Majority Leader Scott Fitzgerald said he hoped changes being made
in the Assembly would satisfy concerns raised by some Senate
Republicans and lock up their votes. Sen. Dale Schultz, the most
vocal GOP critic, hadn't seen the Assembly changes.
"I have no
idea exactly what's in it," he said before the Assembly began
debate on the budget. "I imagine whatever's necessary to get
the budget passed is in it."
reiterated his concerns with key parts of the budget, including
expansion of the private voucher school program statewide, that
were not going to be changed by the Assembly. He declined to say
whether he would vote against the plan.
If two or more
Republican senators join with Democrats against the budget there
won't be enough support for it to pass the Senate.
Republicans, along with Democrats, had been calling for more
changes to the budget, including a scaling back of the voucher
expansion and acceptance of the Medicaid money. There were also
calls to reject a provision that would kick the Center for
Investigative Journalism off of the University of
Wisconsin-Madison campus, do away with the DNA collection
requirement and not allow bail bondsmen to operate in the state.
But no changes
were coming to those parts of the budget in the Assembly, Vos
said. He said Assembly leaders have worked in good faith with
Republican senators and he hoped the budget would not be changed
in the Senate.
Rep. Steve Nass,
R-Whitewater, announced on Monday he was voting against the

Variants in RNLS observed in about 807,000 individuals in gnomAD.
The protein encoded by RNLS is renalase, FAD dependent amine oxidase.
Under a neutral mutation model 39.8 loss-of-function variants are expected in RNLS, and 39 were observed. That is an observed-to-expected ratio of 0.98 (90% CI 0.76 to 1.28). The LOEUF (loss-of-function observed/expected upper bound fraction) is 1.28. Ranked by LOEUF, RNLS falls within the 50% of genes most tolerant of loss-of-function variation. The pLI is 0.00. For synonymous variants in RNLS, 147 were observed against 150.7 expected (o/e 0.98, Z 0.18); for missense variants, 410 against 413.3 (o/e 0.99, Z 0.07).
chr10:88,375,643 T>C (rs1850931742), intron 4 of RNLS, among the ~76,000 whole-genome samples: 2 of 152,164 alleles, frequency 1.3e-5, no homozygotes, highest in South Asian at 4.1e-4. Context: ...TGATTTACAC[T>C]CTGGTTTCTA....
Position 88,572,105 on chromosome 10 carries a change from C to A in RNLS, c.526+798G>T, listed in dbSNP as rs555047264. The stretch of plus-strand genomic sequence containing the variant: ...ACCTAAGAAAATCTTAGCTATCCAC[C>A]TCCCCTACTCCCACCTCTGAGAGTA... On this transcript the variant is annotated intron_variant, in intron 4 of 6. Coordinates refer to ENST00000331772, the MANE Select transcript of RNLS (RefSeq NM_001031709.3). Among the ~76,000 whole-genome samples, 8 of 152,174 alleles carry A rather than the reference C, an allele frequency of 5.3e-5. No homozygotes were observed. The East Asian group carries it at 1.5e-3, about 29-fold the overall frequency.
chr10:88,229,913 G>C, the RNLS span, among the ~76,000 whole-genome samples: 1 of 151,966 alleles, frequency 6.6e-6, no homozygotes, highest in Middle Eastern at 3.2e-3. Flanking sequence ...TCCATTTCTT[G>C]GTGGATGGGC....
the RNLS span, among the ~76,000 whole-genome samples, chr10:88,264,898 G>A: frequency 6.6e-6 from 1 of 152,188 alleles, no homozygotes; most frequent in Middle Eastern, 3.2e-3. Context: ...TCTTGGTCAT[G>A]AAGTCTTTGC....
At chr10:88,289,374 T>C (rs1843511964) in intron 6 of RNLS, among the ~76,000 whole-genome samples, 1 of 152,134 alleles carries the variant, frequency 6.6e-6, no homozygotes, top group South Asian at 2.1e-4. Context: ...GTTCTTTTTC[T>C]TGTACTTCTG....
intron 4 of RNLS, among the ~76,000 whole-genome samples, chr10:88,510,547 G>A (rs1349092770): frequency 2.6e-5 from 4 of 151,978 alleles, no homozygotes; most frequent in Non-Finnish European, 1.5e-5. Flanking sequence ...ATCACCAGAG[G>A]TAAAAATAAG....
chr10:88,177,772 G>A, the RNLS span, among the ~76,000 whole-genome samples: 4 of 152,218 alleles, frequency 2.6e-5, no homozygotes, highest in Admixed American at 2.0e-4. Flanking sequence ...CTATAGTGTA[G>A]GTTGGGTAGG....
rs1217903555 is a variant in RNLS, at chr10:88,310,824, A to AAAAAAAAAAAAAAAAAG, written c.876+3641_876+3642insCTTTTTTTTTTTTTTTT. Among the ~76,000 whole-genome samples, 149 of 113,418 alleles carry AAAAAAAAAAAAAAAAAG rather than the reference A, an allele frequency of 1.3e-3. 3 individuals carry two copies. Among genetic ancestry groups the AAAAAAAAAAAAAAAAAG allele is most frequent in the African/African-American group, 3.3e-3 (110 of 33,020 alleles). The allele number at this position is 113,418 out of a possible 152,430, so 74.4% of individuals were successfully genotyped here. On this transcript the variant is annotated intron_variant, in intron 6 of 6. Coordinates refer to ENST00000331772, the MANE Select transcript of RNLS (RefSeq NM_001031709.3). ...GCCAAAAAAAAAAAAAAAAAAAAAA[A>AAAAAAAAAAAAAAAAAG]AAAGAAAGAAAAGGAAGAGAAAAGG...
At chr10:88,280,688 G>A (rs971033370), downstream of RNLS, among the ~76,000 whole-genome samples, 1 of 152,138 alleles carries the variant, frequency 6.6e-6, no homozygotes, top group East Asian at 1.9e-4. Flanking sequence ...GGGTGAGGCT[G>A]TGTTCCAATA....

spending plan, in part because it creates a projected $500 million
shortfall at the end of the 2015-2017 budget cycle. He and 10
other Assembly Republicans had offered a letter raising objections
to various provisions.
"If you are
a conservative in Wisconsin and you choose not to vote for this
budget, I cannot see a scenario where you would ever vote for a
budget," Vos said. The budget gives Republicans 95 percent of
what they wanted, and any more than that can't be reasonably
expected, he said.
The high capacity
wells provision was one of the most controversial items added to
the budget by the Joint Finance Committee.
would block anyone from challenging high-capacity well
applications and permits by arguing the state Department of
Natural Resources didn't consider the cumulative impact of the
well and surrounding wells on the environment.
But the Assembly
planned to delay the change until July 1, 2014. Vos said it was
his hope that the Legislature would revisit the issue before then.
wells have long been a contentious issue in Wisconsin. They've
come to the forefront again in recent years with the growth of
businesses that use vast amounts of water, such as sand mining and
committee also voted to include a cap on a growing property tax
credit program for veterans.
placed a $2,500 limit on the amount of property taxes that could
be reimbursed to veterans who are fully disabled. The committee
also created a mechanism to drop higher-income veterans and their
spouses from the program.
Gov. Scott Walker
had called on the Legislature to fix the issue after veterans
groups called it shameful and said the budget was being balanced
on the backs of veterans.